We arrived late at the vacation house, totally exhausted. There was food and a welcome place to spread out on available cots and floor space. Mostly, we just needed some well deserved rest. We all slept until late the next morning and awoke refreshed and with a feeling of accomplishment. But, mostly, we enjoyed the day swimming in the lake and talking about our experience. John had two sisters, Jean and Irene, both easy on the eyes and fun to be around. At this awkward age, I was quickly falling for both but had not a clue as to where this could go. Our time was limited anyway, but a flash summer romance was at least conjured up in my mind. Our adventure ended later that day as a friend's parents delivered us back home that evening.
At 15, you are not thinking clearly about why you have taken on a monumental challenge. It's probably more important that at least three of your closest friends have decided to do it too, for whatever reasons. I can't recall that the objective of our hike was to prove that we were physically fit as Kennedy had posited to his Marines. Maybe Kennedy's influence just gave us another reason or excuse to try it. Fads were popular. JFK was a cool leader that was greatly admired, so why not follow his lead? A certain freedom existed to explore and enjoy life. The world seemed a more innocent place that summer. That would quickly change later that year as a series of national tragedies soon followed. In fact, as carefree and as open to change as we were that summer, the world around us was coming unhinged with civil rights and ideological battles.
Today, a walk of ten or even twenty miles would be extraordinary for the average person, especially without preparation. You can imagine the warnings: consult your physician, maintain proper hydration, fuel up on the best nutrition, take so many rest breaks, be sure to properly train first, use special clothing, and of course, wear proper footwear. Could we even spare the time and trouble today to take a 50 mile walk? Surely, we are wiser today about fitness and physical challenges. But, would our wisdom, and our busy lives, make trying such a challenge even more difficult to do today than it was 45 years ago?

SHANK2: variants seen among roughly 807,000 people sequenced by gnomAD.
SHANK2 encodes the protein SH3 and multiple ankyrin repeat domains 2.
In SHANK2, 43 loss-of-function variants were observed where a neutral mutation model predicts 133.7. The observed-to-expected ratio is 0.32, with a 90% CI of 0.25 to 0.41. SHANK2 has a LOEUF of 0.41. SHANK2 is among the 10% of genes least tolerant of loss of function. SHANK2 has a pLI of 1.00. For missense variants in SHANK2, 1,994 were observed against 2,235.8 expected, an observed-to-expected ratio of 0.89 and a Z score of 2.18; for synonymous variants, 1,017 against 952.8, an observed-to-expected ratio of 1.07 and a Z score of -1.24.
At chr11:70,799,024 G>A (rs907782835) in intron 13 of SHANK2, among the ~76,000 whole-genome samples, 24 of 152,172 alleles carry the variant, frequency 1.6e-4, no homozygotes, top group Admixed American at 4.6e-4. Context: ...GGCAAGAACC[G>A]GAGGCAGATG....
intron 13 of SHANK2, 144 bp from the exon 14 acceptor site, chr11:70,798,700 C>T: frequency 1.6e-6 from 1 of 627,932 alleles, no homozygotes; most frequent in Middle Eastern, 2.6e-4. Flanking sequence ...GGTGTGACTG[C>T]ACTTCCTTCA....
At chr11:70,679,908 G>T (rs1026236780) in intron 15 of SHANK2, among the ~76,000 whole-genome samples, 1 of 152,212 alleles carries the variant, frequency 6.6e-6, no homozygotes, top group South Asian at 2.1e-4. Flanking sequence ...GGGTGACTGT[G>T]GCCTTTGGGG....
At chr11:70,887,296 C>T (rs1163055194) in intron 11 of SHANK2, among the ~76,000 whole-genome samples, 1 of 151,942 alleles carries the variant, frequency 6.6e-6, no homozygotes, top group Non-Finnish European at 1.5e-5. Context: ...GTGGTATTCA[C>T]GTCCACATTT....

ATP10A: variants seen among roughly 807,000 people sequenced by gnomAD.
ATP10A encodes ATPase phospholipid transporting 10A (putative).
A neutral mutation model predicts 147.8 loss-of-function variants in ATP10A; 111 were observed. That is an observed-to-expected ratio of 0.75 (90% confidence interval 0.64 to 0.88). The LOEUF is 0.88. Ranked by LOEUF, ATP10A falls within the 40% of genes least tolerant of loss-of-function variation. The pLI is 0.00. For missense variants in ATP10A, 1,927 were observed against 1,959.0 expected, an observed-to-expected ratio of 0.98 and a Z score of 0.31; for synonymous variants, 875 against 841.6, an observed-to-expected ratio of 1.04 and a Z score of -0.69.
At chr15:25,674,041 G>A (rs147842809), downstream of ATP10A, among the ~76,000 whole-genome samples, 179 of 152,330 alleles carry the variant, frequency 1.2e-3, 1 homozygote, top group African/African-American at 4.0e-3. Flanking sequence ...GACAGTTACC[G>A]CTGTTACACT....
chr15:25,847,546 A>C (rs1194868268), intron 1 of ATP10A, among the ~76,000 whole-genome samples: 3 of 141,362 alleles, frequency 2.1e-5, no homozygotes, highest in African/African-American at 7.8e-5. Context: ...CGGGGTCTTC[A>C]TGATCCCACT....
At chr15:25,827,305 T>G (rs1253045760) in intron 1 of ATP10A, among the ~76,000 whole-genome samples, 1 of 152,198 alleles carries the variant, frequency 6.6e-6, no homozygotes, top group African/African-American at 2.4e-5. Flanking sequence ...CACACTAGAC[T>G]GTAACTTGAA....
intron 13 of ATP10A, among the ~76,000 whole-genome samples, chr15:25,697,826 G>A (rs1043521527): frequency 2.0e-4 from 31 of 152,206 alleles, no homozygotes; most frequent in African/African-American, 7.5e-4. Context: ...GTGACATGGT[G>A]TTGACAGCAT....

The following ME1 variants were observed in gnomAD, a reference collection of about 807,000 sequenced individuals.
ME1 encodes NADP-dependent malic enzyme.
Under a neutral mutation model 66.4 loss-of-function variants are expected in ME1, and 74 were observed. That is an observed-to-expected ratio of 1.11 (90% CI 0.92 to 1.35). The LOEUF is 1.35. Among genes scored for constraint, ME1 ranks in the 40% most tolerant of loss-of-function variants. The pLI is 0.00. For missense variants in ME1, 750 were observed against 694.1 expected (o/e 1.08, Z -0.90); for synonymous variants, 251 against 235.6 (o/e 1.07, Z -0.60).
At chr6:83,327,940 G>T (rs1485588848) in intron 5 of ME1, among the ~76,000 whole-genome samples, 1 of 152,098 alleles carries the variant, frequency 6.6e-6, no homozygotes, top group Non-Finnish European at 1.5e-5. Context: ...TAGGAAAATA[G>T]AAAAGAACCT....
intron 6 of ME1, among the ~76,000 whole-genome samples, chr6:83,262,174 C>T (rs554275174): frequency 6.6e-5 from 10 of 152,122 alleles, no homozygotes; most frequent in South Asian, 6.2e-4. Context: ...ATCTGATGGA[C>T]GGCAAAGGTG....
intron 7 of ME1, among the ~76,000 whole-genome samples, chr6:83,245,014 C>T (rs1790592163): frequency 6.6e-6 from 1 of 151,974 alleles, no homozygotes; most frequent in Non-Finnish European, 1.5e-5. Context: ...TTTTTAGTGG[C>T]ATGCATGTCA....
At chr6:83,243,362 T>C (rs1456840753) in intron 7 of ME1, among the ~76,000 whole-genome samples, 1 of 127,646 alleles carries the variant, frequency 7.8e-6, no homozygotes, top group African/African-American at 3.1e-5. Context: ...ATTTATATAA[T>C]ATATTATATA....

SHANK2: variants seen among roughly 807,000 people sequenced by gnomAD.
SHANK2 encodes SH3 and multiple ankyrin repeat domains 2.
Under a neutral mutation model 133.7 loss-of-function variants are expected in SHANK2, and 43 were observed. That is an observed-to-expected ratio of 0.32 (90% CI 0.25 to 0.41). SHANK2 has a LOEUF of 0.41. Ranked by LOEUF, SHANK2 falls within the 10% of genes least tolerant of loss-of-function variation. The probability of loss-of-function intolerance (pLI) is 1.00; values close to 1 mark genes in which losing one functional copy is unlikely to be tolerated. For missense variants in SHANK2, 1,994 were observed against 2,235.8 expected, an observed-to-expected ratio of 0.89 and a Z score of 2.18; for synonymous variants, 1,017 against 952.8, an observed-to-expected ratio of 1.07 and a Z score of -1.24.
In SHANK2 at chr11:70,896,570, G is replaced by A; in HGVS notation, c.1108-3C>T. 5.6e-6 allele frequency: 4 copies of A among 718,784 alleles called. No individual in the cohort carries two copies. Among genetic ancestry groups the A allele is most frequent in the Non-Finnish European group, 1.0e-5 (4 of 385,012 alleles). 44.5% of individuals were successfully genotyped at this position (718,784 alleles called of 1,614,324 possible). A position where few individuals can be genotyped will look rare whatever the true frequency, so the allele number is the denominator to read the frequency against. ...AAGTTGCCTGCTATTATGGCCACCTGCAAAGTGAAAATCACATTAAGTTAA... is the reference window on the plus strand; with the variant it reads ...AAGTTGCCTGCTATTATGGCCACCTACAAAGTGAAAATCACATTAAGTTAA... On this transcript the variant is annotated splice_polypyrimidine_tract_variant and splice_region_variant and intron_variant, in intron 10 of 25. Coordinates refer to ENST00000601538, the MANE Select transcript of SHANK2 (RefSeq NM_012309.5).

Walking 50 miles may seem like a bizarre feat today. There are plenty of other extreme challenges that are more difficult. It's not usually an aerobic feat. It doesn't even require much training or equipment. You can even argue it's hardly proof of physical fitness. However, beside the benefit of the physical exercise, there was a unique and personally satisfying feeling it provided to a large and wide group of participants of all ages and sizes. This was not a sport to enjoy on television but one that much of the community could participate in. If nothing else, walking became a favorite topic,associated with the practice of maintaining good health.
I'd like to think that distance walking doesn't require the trappings of a charity event or even the measurement of performance, to make such an event possible and relevant today. Maybe 50 miles is too much to expect for the average person. But we know that the original walks in 1963, spurred other 50 mile (80 kilometer) "Kennedy Marches" in the Netherlands and other countries. Many are still active today and growing.
I'd like to imagine that a large portions of the public would still walk for long distances under the right circumstances. Maybe that takes the example of a leader or peer pressure, or at least a belief that there something pleasurable or physically beneficial from their efforts. Maybe its time to re-discover the joy (and pain) of a good old-fashioned 50-mile hike again?